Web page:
There has been a spate of recent cases dealing with bullying in the workplace or even, in one case, of a manager kidnapping and torturing an employee. Where does the employer’s liability start and end on such cases?

A core part of the employment relationship is an obligation on employers to ensure that employees have a safe environment and safe systems of working within that environment. This is reflected in various health and safety provisions as well as discrimination laws. However, such systems are inevitably affected by failings in the people working within them. A recent issue to hit the headlines is how far employers can be “vicariously liable” for their employees’ bad behaviour towards one another and the public at large.

An employer can be said to be vicariously liable for negligent acts (or omissions) by employees in the course of employment whether or not such acts were specifically authorised by the employer. To avoid vicarious liability, employers must show either that the employee was not negligent or that the employee was acting in his or her own right rather than on the employer’s authorised business.

However, there has been a recent trend by the courts to view the range of “authorised” acts less restrictively. For example, the question arose in a recent case of a ticket inspector assaulting a passenger who failed to show a ticket is assaulting passengers merely a wrongful means of checking the tickets or is it outside the scope of employment altogether? You may ask how an employer could be held liable for the employee’s actions in such a situation. The court took the view that it must look in general terms at the job being done, rather than narrowly dividing each step, and held the employer, Connex Trains, to be vicariously liable. This means that even where an employee is doing an act that the employer never would have allowed, the act may still be so closely connected that it could be deemed part of the job. In perhaps the most extreme case, a residential school was found to be vicariously liable for a warden’s sexual molestation of children in his care. In that case, the court emphasised the “close connection” between the duty and the wrong and that it must be “just and reasonable” to hold the employer vicariously liable.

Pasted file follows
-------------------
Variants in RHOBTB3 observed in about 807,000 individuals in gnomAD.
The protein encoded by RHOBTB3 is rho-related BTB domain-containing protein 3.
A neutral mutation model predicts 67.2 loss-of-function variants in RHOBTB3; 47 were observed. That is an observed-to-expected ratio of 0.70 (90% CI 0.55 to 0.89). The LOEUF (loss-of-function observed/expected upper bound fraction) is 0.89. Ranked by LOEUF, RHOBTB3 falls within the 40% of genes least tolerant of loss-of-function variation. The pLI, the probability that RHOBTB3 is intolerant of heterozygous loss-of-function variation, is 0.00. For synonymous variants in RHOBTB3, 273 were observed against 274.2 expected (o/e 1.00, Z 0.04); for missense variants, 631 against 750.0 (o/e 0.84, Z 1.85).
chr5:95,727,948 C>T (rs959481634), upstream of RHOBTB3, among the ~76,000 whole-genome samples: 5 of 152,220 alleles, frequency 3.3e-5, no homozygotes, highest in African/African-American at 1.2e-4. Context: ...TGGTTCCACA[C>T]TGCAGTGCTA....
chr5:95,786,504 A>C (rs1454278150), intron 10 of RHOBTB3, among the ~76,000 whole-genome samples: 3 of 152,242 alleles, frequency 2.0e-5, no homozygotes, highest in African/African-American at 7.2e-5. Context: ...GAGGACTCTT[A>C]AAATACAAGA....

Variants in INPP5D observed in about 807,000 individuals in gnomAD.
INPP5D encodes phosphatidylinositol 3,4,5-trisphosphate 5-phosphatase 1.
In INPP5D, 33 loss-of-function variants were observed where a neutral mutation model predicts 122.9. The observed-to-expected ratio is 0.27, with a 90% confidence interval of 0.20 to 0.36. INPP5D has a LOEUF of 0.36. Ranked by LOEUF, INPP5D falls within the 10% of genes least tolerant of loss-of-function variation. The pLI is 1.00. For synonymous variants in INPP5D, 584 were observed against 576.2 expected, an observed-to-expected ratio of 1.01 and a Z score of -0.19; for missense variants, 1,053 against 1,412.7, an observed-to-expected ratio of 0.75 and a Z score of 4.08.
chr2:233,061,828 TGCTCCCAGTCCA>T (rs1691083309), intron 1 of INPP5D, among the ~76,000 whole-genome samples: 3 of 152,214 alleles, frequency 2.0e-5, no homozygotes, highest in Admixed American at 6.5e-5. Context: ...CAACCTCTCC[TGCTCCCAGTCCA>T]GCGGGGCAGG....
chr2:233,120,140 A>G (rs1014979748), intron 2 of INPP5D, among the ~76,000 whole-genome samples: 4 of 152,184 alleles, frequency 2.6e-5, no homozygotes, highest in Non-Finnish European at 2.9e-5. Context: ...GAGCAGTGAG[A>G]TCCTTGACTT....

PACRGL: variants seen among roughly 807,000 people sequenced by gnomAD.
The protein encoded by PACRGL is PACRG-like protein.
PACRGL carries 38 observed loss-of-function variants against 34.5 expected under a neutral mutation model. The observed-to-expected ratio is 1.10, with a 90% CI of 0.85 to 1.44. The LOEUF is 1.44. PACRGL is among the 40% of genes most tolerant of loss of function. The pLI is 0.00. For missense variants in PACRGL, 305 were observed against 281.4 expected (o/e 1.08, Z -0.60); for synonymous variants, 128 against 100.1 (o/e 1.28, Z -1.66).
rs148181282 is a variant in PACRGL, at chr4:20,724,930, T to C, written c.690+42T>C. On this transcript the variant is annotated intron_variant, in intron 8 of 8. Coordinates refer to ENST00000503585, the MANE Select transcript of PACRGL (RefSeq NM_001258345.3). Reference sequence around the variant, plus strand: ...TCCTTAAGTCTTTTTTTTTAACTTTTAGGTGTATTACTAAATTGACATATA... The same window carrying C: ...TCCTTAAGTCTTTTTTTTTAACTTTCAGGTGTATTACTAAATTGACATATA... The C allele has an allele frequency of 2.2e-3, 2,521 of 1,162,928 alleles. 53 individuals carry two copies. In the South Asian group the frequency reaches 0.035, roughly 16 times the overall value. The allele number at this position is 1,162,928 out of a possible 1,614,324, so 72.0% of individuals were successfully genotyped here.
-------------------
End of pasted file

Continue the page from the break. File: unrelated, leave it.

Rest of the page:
In light of these developments, it is very important for employers to be aware of employees’ behaviour and explicitly clear about what is unacceptable, in order to avoid being fixed with liability for their actions. Bullying and sexual harassment are a good examples of potential danger areas.

But this is not the end of the story. Employees’ behaviour that breaches health and safety legislation or even statutory duties may give rise to new liability upon employers (such as in the 2005 case of Mr Majrowski and Guy’s and St. Thomas’s NHS Trust which concerned a potential claim by an employee against a supervisor under the Protection from Harassment Act 1997 – a law designed to prevent any course of conduct amounting to harassment). Victims of bullying and harassment at work may now have an alternative remedy in pursuing a vicarious liability claim against the employer. The Court of Appeal’s judgment in the Majrowski case potentially extends the duty of care on employers to protect their employees from any ill treatment that could cause distress and anxiety.

Although it seemed previously that bullying would have to reach a certain minimum level and be known to the employer before liability could arise, this may not be the case, and employers should now be extra vigilant about the actions of their employees both inside and outside the workplace. Any tell-tale signs of bullying or harassment, even if this involves employers keeping “ears to the ground”, should be carefully considered and suitable monitoring established (but it remains to be seen whether this would help where the bullied employee can point to a course of harassment). Perhaps then, in specific cases, investigations may have to be undertaken of any “unauthorised” act involving one employee against another, with a view to avoiding vicarious liability claims (as well as other claims such as constructive unfair dismissal).

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